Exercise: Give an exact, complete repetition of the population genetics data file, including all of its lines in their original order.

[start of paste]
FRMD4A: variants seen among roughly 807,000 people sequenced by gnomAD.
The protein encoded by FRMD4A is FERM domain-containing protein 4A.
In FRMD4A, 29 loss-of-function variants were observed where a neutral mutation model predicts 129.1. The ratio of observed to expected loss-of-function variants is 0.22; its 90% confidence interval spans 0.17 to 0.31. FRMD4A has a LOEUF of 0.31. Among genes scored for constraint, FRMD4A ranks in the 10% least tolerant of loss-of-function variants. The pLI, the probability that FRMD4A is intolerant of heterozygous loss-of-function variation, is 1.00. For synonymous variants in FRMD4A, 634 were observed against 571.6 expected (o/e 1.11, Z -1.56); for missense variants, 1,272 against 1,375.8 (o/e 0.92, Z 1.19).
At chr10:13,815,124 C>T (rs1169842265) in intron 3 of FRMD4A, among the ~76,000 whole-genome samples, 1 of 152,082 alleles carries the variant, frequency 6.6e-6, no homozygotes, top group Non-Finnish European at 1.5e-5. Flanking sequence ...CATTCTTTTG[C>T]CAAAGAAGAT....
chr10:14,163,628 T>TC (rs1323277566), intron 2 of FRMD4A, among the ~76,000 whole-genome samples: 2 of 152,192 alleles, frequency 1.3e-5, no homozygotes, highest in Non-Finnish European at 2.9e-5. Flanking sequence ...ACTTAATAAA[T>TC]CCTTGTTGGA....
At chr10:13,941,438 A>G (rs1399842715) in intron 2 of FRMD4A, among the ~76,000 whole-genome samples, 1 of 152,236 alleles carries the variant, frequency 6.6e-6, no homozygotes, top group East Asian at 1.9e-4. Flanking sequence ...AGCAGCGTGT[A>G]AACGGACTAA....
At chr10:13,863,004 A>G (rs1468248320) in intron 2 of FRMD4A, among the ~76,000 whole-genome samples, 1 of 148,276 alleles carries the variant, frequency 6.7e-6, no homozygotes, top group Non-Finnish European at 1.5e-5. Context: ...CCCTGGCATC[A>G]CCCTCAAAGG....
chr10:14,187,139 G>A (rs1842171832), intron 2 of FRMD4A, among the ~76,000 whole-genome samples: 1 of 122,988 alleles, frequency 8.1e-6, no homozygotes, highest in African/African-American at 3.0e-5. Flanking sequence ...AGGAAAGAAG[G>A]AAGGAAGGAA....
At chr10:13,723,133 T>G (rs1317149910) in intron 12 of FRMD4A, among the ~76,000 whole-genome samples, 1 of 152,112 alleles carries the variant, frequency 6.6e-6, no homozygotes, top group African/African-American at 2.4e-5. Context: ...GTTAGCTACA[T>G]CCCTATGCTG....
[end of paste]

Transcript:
FRMD4A: variants seen among roughly 807,000 people sequenced by gnomAD.
The protein encoded by FRMD4A is FERM domain-containing protein 4A.
In FRMD4A, 29 loss-of-function variants were observed where a neutral mutation model predicts 129.1. The ratio of observed to expected loss-of-function variants is 0.22; its 90% confidence interval spans 0.17 to 0.31. FRMD4A has a LOEUF of 0.31. Among genes scored for constraint, FRMD4A ranks in the 10% least tolerant of loss-of-function variants. The pLI, the probability that FRMD4A is intolerant of heterozygous loss-of-function variation, is 1.00. For synonymous variants in FRMD4A, 634 were observed against 571.6 expected (o/e 1.11, Z -1.56); for missense variants, 1,272 against 1,375.8 (o/e 0.92, Z 1.19).
At chr10:13,815,124 C>T (rs1169842265) in intron 3 of FRMD4A, among the ~76,000 whole-genome samples, 1 of 152,082 alleles carries the variant, frequency 6.6e-6, no homozygotes, top group Non-Finnish European at 1.5e-5. Flanking sequence ...CATTCTTTTG[C>T]CAAAGAAGAT....
chr10:14,163,628 T>TC (rs1323277566), intron 2 of FRMD4A, among the ~76,000 whole-genome samples: 2 of 152,192 alleles, frequency 1.3e-5, no homozygotes, highest in Non-Finnish European at 2.9e-5. Flanking sequence ...ACTTAATAAA[T>TC]CCTTGTTGGA....
At chr10:13,941,438 A>G (rs1399842715) in intron 2 of FRMD4A, among the ~76,000 whole-genome samples, 1 of 152,236 alleles carries the variant, frequency 6.6e-6, no homozygotes, top group East Asian at 1.9e-4. Flanking sequence ...AGCAGCGTGT[A>G]AACGGACTAA....
At chr10:13,863,004 A>G (rs1468248320) in intron 2 of FRMD4A, among the ~76,000 whole-genome samples, 1 of 148,276 alleles carries the variant, frequency 6.7e-6, no homozygotes, top group Non-Finnish European at 1.5e-5. Context: ...CCCTGGCATC[A>G]CCCTCAAAGG....
chr10:14,187,139 G>A (rs1842171832), intron 2 of FRMD4A, among the ~76,000 whole-genome samples: 1 of 122,988 alleles, frequency 8.1e-6, no homozygotes, highest in African/African-American at 3.0e-5. Flanking sequence ...AGGAAAGAAG[G>A]AAGGAAGGAA....
At chr10:13,723,133 T>G (rs1317149910) in intron 12 of FRMD4A, among the ~76,000 whole-genome samples, 1 of 152,112 alleles carries the variant, frequency 6.6e-6, no homozygotes, top group African/African-American at 2.4e-5. Context: ...GTTAGCTACA[T>G]CCCTATGCTG....